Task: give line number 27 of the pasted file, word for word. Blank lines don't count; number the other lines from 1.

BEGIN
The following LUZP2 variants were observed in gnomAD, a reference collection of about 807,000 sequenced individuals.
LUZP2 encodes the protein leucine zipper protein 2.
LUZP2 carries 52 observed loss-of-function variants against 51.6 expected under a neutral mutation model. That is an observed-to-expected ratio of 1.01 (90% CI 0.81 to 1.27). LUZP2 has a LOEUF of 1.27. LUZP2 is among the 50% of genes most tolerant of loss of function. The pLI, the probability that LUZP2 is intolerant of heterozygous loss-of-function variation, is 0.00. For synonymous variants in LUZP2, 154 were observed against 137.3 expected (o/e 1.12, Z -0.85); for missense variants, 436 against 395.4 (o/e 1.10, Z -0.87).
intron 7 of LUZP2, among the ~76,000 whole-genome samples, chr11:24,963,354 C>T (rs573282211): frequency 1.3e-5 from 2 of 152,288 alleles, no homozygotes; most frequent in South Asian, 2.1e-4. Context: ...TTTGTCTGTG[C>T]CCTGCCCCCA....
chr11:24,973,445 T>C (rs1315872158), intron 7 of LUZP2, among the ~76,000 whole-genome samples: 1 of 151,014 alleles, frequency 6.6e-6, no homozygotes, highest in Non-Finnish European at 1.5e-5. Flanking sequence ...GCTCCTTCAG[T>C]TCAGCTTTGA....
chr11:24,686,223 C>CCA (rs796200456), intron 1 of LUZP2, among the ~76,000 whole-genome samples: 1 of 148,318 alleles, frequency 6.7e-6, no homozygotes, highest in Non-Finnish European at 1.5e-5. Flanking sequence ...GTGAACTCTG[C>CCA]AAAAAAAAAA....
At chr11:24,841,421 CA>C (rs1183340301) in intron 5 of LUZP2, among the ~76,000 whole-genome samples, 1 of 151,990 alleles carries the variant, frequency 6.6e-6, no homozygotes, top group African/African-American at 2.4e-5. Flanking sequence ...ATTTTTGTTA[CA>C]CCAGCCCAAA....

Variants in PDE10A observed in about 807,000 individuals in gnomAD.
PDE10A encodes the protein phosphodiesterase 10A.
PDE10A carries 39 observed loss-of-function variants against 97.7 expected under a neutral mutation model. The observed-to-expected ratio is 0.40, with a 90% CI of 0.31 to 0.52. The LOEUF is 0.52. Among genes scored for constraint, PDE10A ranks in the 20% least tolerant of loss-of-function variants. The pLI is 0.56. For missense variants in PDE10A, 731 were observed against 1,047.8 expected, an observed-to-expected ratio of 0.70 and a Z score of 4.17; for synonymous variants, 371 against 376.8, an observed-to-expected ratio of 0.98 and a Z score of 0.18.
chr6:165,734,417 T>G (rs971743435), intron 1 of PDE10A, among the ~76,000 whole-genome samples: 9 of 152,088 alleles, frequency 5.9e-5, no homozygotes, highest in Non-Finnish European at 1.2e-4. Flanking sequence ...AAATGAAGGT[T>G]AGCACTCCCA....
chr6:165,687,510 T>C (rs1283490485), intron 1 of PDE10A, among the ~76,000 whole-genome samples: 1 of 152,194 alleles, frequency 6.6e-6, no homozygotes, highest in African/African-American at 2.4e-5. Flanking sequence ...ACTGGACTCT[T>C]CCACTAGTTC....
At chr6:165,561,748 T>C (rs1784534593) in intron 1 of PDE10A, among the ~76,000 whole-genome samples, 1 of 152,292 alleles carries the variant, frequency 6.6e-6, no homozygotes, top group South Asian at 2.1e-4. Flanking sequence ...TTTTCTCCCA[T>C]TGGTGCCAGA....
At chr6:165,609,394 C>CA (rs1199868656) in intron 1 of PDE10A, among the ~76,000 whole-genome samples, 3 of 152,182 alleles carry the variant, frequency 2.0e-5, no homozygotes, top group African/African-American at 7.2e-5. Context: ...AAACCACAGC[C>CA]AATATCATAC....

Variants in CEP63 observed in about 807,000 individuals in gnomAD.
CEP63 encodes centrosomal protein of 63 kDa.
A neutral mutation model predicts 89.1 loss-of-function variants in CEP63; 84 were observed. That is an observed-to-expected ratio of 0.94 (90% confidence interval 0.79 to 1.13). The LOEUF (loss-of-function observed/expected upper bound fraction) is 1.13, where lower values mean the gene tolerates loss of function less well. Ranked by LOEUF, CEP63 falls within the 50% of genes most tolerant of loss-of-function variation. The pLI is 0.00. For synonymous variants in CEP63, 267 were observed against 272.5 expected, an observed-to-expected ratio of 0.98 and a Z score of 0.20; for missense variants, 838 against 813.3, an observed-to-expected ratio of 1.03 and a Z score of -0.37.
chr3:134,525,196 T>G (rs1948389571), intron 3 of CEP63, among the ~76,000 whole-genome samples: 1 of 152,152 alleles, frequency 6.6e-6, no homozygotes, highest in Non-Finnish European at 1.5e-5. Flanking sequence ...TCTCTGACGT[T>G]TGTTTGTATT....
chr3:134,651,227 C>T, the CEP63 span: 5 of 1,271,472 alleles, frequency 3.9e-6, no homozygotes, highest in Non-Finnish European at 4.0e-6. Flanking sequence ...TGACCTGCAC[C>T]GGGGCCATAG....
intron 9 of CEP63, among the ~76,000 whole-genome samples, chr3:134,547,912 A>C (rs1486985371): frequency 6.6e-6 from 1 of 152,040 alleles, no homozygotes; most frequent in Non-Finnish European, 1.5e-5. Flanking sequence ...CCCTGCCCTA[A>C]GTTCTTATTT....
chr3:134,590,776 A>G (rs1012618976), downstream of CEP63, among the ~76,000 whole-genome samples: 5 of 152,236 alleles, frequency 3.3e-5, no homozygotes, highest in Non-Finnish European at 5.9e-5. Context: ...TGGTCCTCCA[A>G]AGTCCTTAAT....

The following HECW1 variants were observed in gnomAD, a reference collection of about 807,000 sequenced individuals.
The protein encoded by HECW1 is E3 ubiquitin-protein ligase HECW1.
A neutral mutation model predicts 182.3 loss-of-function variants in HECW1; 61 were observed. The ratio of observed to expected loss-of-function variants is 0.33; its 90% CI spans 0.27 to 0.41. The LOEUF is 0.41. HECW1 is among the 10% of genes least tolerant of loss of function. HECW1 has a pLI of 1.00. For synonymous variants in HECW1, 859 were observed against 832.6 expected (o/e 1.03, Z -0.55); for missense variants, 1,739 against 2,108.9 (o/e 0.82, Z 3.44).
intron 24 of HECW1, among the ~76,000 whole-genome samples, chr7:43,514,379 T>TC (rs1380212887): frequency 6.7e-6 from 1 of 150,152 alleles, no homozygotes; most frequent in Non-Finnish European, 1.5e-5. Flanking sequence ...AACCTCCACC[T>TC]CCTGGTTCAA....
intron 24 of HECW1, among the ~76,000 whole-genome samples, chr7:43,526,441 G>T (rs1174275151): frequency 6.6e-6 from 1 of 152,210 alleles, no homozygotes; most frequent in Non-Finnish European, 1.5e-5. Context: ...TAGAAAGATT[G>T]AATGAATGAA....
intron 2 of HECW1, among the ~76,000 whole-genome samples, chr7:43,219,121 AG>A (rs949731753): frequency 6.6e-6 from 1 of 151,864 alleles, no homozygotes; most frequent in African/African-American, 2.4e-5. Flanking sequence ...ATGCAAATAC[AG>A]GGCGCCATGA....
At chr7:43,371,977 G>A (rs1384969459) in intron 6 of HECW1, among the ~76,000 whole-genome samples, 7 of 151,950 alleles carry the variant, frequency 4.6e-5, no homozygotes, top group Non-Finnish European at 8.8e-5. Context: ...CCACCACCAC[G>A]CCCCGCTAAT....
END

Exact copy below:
intron 2 of HECW1, among the ~76,000 whole-genome samples, chr7:43,219,121 AG>A (rs949731753): frequency 6.6e-6 from 1 of 151,864 alleles, no homozygotes; most frequent in African/African-American, 2.4e-5. Flanking sequence ...ATGCAAATAC[AG>A]GGCGCCATGA....